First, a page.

“On that very same Wednesday, one hour before sunset, as the earth steamed, the first vent opened up with a great roar on the flatlands [...]; and later, immediately, within an hour, 17 more vents all the way to the foothills of said mountain, which produced a thick, flowing matter that was alight and smelled of sulfur, and it formed a river of fire that headed straight for the sea.”
This is how José Viera y Clavijo, an 18th-century priest, historian, biologist and writer from the Canary Islands, described the eruption of a volcano on the island of La Palma that took place over 66 days between late 1677 and early 1678. The historian, who was born several decades after the eruption, based his description on testimony from an eyewitness, Juan Pinto de Guisla, who saw the genesis of what would go on to become a tourist attraction in modern times: the area of Fuencaliente in the south of the island, which is part of a Spanish archipelago located off the northwestern coast of Africa.
Now, 375 years later, another as-yet-unnamed volcano on La Palma has been drawing widespread attention. The eruption inside the Cumbre Vieja natural park is into its 67th day, officially making it longer than the Fuencaliente eruption. It is necessary to go back further in time to find an eruption that lasted even longer: to 1646, when the volcano known as Martín or Tigalate spewed lava for 82 days.
One of the most widely accepted theories of the creation of the Canary Islands holds that the archipelago sits over the African Plate, which moves over the Earth’s mantle at a speed comparable to the growth of fingernails, and that around 20 million years ago this plate began drifting over a “hotspot” that injected magma and led to the creation of the first and oldest islands: Fuerteventura and Lanzarote. La Palma and El Hierro are the youngest, at 1.8 million and 1.2 million years of age, respectively. These islands are still over the hotspot, which is why they have active volcanos that are making them grow in size.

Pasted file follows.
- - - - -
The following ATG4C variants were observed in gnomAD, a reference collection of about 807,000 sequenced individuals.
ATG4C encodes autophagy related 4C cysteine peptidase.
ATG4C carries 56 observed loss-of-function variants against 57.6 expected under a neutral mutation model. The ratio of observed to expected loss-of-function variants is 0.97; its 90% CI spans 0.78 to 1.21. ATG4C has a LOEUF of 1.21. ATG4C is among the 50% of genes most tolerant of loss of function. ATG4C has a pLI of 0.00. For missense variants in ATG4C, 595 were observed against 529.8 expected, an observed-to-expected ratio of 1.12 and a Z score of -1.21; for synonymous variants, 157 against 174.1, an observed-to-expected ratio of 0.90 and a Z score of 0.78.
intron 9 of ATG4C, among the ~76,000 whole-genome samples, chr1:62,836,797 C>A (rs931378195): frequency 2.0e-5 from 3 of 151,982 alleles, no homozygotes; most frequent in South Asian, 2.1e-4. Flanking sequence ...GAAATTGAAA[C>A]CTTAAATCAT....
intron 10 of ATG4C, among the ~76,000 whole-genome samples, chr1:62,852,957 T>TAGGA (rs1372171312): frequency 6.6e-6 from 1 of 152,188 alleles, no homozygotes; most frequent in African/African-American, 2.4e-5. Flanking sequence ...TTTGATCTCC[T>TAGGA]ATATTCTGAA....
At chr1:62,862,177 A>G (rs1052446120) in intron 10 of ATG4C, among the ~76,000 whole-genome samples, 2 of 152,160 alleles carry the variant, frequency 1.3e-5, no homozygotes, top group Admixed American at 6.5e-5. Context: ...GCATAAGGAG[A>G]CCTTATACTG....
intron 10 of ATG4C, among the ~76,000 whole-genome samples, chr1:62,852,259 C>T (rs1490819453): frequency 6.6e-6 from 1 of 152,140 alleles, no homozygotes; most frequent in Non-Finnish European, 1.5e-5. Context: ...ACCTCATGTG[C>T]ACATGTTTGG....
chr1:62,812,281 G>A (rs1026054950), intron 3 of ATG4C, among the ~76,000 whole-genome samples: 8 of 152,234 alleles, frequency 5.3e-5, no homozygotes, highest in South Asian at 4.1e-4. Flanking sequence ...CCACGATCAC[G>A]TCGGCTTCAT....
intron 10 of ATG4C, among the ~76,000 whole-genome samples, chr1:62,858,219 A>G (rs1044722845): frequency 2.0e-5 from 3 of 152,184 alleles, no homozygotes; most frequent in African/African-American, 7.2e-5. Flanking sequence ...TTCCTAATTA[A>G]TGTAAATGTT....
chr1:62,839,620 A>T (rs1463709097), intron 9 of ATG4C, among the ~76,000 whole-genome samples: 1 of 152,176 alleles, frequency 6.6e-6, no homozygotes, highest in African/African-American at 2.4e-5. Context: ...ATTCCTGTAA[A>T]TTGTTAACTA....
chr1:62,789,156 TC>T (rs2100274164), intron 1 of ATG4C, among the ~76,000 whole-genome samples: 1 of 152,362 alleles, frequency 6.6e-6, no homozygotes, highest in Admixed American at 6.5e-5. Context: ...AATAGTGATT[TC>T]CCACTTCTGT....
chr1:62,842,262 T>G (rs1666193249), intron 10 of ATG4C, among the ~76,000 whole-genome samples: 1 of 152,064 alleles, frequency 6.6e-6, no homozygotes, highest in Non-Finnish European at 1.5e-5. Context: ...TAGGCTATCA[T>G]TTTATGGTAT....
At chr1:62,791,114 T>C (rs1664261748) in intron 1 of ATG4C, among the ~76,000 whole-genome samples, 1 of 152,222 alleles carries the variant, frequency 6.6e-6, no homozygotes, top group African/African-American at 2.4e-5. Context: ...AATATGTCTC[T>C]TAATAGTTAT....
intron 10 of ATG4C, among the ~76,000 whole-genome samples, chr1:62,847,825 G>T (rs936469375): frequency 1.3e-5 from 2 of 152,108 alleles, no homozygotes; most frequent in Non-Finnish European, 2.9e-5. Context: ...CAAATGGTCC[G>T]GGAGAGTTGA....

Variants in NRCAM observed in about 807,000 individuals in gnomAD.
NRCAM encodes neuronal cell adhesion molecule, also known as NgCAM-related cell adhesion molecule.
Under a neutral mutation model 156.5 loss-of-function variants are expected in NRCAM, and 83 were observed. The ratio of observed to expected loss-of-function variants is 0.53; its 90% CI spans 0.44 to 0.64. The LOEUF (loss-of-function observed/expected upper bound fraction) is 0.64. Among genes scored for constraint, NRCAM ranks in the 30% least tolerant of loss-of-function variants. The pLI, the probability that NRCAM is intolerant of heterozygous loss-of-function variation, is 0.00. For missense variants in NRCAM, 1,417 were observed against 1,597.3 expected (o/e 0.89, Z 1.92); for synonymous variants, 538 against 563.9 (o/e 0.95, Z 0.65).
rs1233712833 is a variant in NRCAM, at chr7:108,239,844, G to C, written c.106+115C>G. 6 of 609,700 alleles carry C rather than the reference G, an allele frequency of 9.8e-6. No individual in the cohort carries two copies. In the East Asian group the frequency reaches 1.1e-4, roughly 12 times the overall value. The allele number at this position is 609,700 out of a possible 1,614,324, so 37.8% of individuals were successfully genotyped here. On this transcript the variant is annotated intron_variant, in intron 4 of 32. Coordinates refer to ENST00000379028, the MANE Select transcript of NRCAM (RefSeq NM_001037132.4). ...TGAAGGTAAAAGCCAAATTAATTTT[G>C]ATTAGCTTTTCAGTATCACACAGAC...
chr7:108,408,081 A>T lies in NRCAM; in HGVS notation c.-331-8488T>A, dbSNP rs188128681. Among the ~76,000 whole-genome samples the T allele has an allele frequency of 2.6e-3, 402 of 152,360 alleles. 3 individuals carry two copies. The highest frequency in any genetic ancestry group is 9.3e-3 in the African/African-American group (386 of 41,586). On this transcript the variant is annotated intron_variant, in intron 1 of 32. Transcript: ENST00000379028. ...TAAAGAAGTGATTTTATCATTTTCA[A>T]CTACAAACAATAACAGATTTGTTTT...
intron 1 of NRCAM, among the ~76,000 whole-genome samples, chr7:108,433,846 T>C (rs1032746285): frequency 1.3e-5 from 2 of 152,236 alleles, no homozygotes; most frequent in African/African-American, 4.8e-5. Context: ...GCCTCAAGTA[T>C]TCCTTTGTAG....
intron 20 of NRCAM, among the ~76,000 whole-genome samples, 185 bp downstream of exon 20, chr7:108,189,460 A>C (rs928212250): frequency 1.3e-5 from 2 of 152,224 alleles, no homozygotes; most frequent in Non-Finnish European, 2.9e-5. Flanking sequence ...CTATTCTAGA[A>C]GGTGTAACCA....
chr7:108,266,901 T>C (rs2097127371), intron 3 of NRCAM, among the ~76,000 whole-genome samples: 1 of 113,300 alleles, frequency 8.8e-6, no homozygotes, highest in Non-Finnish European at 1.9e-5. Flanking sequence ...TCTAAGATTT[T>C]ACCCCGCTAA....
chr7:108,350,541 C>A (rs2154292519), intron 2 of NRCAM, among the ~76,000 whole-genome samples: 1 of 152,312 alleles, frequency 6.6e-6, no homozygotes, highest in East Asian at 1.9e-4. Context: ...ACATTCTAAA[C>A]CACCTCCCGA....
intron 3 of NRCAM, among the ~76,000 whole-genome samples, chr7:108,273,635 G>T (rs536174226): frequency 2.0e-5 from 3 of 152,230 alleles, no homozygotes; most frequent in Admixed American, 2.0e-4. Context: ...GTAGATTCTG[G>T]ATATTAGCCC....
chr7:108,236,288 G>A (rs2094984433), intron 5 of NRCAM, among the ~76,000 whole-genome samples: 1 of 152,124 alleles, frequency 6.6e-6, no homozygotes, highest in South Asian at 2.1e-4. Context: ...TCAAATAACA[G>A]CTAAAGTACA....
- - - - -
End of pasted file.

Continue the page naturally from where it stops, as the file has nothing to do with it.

There are historical records for the last six centuries, when more than 20 eruptions were recorded in the Canary Islands. The current one, which began on September 19 of this year, is located inside the Cumbre Vieja natural park, a very active volcanic range where two out of the three most-recent eruptions in the Canaries were recorded: San Juan volcano in 1949 and Teneguía volcano in 1971.
The ongoing eruption, which is taking place on the western face of a mountain range that cuts down the middle of La Palma, will also go down in the history books as the one that caused the most damage on an island with a registered population of around 82,000. And scientists still don’t know when it will end.
So far, the lava has covered more than 1,000 hectares of land, according to the latest data provided by the European satellite program Copernicus. And local property records show that the molten rock has destroyed nearly 1,500 buildings, most of them residential. Around 7,000 evacuated people are still unable to go home, and 500 of them have required emergency housing assistance from the regional government.
The last eruption on La Palma, at Teneguía volcano, began at 4.25pm on October 26, 1971 and lasted until November 18 of that same year, making it the shortest one on record in the island. It also did not affect population centers because that volcano is located on the southern tip of the island and nearly all the lava flowed straight into the sea, expanding La Palma by around two million square meters. By contrast, an eruption that took place on the island of Lanzarote in the 18th century lasted close to six years, from 1730 to 1736, in what is now Timanfaya National Park.
The ongoing eruption at Cumbre Vieja has created two new deltas at the spots where the lava crashes down into the sea. The second one extends over five hectares and reaches 350 meters out from the coast. The first delta takes up over 43 hectares, according to data provided by Miguel Ángel Morcuende, the technical director of the team of experts monitoring the eruption, the Volcano Risk Prevention Plan of the Canary Islands (Pevolca).
With the lava flow looking stable for the moment, authorities are now worried about the rain that has been forecast for Friday, when as much as 15 milimeters of rainfall per hour is expected. This has triggered concerns about the torrents of rainwater that could form over the water-resistant lava.